This retelling of Cinderella takes place in the land of Kyrria during the once-upon-a-time period, with elves, centaurs, ogres, gnomes, and fairies. Ella is a spunky fifteen-year-old whose story begins after her mother has died from a bad cold. Ella was cursed at birth with obedience, although the fairy Lucinda intended it as a blessing. If Ella does not do as she is told, she begins to fell nauseated. Only Ella and the cook, Mandy, are aware of the curse, and Ella's mother had commanded her never to tell anyone else. Ella defies her obedience with small battles, only partially obeying commands. Her estranged father, Sir Peter, commands her to come closer, so she takes only one step. Mandy tells her to hold a bowl still, which she does while hopping on one foot. Ella meets Prince Charmont of Kyrria at her mother's funeral. Ella's future stepmother and stepsisters, Dame Olga, Lady Hattie, and Lady Olive, also are introduced to readers in the funeral scene. Soon after the funeral, Ella's father, a wealthy, dishonest merchant who finds his daughter clumsy and unmannerly, sends her to finishing school with the two sisters. But Ella, determined to find Lucinda so that she can undo the fairy spell, escapes finishing school despite the risks of travel. She overcomes an ogre attack with the help of Prince Charmont (Char), who is enchanted by her wit, not her obedience. Still, Lucinda will not undo her "blessing." Levine transforms her fairy tale characters so that the CinderElla story is concealed until the nineteenth chapter, when Sir Peter announces his marriage plans and the traditional story takes shape. A careful reader might begin seeing similarities as early as chapter four, when Mandy explains to Ella that she was her mother's fairy godmother as well as Ella's. Ella endures her stepfamily, who soon discover her obedient behavior and uses it to their advantage. You know the rest. Eventually, Ella's convictions are strong enough to undo the spell. She refuses to obey Char's command to marry him because her obedience could mean danger to the whole kingdom. Now, she is free to choose whether she wants to marry. The characters' personalities and motives are comically crystal clear, but never boring. It is a magical bridge of fantasy and romance that will keep romance fans reading, but the plot is not intriguing enough to keep a die-hard fantasy fan interested. There are two loose ends that will leave the reader feeling cheated and wanting more, even though the book is longer than traditional formula romance. Ella takes a fairy-made carpet with her to the finishing school but the carpet never comes back into the story. Magical belongings taken on a journey are usually powerfully purposeful somewhere along the way. The reader is left wondering: What is the point of the rug? Also, the glass slippers are forced into the story when Char and Ella happen to find them while exploring a castle during Sir Peter's and Dame Olga's wedding. Where did the slippers come from? Who put them there? Why were they laying with old gardening tools? And why aren't Char and Ella more curious about the slippers since Char mentions just three pages before that his father, the king, was raised in that very castle? Readers of this lighthearted story will probably be few, but they will be cheering for Ella all the way through to her happily ever after. VOYA CODES: 2Q 3P M (Better editing or work by the author might have warranted a 3Q; Will appeal with pushing; Middle School, defined as grades 6 to 8). 1997, HarperCollins, 234p., $14.95 and $14.89. Ages 11 to 14.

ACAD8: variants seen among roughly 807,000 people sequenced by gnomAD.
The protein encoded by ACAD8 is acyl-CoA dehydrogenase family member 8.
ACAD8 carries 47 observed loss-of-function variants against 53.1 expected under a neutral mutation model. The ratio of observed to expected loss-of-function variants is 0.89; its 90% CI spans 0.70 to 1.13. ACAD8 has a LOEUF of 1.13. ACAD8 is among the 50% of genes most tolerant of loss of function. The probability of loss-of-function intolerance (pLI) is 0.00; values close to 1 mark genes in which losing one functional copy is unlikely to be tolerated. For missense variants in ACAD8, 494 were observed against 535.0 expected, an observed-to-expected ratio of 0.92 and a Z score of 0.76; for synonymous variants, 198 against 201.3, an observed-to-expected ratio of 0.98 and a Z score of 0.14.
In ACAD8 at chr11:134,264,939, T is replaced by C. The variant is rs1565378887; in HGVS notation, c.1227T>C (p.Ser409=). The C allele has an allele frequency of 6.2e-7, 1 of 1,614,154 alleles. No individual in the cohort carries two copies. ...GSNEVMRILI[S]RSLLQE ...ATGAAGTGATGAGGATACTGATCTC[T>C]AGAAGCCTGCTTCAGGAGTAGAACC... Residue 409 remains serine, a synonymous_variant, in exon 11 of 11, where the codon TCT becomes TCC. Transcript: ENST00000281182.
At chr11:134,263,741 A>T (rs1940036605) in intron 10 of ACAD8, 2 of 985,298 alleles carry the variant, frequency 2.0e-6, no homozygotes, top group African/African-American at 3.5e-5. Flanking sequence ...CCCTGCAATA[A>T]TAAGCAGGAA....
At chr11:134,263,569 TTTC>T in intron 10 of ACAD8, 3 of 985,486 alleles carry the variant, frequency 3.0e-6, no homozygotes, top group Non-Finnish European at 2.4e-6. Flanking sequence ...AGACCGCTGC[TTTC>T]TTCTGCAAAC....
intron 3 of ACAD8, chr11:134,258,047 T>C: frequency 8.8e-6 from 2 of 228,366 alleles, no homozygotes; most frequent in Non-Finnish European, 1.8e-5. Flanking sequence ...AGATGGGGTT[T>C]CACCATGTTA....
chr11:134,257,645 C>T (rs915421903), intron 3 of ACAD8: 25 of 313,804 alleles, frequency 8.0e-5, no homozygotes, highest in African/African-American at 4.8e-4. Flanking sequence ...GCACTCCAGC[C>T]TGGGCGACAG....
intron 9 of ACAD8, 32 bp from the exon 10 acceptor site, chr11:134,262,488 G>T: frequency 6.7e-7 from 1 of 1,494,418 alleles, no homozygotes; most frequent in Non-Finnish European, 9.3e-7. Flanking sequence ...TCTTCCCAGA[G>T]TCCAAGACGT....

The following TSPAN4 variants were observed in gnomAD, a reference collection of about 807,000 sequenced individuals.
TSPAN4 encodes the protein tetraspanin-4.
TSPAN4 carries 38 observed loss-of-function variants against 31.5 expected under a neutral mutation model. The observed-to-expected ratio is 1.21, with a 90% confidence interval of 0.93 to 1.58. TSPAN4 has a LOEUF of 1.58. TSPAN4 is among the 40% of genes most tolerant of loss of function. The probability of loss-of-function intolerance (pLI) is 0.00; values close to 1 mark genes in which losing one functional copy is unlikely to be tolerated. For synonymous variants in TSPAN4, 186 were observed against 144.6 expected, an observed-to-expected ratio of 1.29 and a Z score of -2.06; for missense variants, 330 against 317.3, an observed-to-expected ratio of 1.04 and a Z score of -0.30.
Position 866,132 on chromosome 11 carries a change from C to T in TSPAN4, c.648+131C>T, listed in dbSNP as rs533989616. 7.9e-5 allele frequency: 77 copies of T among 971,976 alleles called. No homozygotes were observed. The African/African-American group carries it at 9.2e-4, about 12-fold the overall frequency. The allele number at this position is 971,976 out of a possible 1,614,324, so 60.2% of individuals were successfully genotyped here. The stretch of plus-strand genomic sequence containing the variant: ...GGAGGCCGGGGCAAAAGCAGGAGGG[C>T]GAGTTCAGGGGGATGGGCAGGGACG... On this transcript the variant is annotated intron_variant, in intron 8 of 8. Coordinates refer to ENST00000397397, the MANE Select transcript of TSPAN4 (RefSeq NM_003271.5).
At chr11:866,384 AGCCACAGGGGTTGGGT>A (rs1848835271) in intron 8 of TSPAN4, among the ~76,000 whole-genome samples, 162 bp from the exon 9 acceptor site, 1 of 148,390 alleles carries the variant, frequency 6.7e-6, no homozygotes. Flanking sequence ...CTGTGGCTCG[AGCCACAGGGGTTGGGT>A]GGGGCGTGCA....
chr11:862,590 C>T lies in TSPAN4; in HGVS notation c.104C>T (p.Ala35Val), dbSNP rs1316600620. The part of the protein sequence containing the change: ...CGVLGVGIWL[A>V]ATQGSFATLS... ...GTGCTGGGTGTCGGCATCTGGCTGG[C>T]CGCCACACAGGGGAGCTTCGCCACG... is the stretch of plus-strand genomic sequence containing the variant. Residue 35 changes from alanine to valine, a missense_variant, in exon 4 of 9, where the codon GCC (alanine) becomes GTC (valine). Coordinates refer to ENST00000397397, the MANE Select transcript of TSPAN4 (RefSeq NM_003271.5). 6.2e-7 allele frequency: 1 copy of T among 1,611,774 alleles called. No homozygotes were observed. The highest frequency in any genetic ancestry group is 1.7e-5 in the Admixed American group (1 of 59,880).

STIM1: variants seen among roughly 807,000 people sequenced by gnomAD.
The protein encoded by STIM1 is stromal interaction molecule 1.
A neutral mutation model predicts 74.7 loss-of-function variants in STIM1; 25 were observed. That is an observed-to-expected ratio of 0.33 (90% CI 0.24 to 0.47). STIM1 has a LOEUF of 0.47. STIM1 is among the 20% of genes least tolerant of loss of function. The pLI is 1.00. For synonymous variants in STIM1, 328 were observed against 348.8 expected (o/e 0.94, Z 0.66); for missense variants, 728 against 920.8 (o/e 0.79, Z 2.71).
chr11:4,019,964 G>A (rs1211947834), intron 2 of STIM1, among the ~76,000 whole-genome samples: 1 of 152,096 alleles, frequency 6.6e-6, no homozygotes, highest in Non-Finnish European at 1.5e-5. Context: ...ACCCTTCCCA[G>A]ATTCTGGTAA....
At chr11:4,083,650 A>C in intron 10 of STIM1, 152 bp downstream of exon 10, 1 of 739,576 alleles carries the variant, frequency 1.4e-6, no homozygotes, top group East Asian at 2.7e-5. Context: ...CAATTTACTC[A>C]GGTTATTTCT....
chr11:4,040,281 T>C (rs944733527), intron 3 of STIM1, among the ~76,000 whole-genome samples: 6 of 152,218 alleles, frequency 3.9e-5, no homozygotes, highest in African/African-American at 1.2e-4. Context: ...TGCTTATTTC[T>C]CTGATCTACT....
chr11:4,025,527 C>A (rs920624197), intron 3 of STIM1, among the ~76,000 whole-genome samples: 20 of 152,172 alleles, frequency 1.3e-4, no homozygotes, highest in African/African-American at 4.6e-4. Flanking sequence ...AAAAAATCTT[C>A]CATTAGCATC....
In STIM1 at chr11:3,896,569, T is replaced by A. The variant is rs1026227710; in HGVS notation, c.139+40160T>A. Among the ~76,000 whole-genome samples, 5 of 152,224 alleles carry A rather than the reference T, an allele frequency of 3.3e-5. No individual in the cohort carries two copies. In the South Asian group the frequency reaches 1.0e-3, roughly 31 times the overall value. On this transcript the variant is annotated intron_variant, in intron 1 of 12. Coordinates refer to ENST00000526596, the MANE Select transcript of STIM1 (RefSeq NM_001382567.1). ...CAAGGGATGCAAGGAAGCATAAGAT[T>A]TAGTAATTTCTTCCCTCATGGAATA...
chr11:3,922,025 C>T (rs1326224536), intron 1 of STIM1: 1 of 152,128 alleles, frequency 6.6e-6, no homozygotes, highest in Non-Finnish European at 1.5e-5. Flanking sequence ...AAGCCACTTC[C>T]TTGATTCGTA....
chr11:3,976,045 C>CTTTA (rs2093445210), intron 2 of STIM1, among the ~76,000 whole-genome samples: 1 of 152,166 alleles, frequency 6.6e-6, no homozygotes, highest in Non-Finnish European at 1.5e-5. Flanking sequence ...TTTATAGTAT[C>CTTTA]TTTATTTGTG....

|Language||Call Number||LCCN||Dewey Decimal||ISBN/ISSN|
|English (eng)||PZ7.L578345 El 1997
0060275111 (lib. bdg.)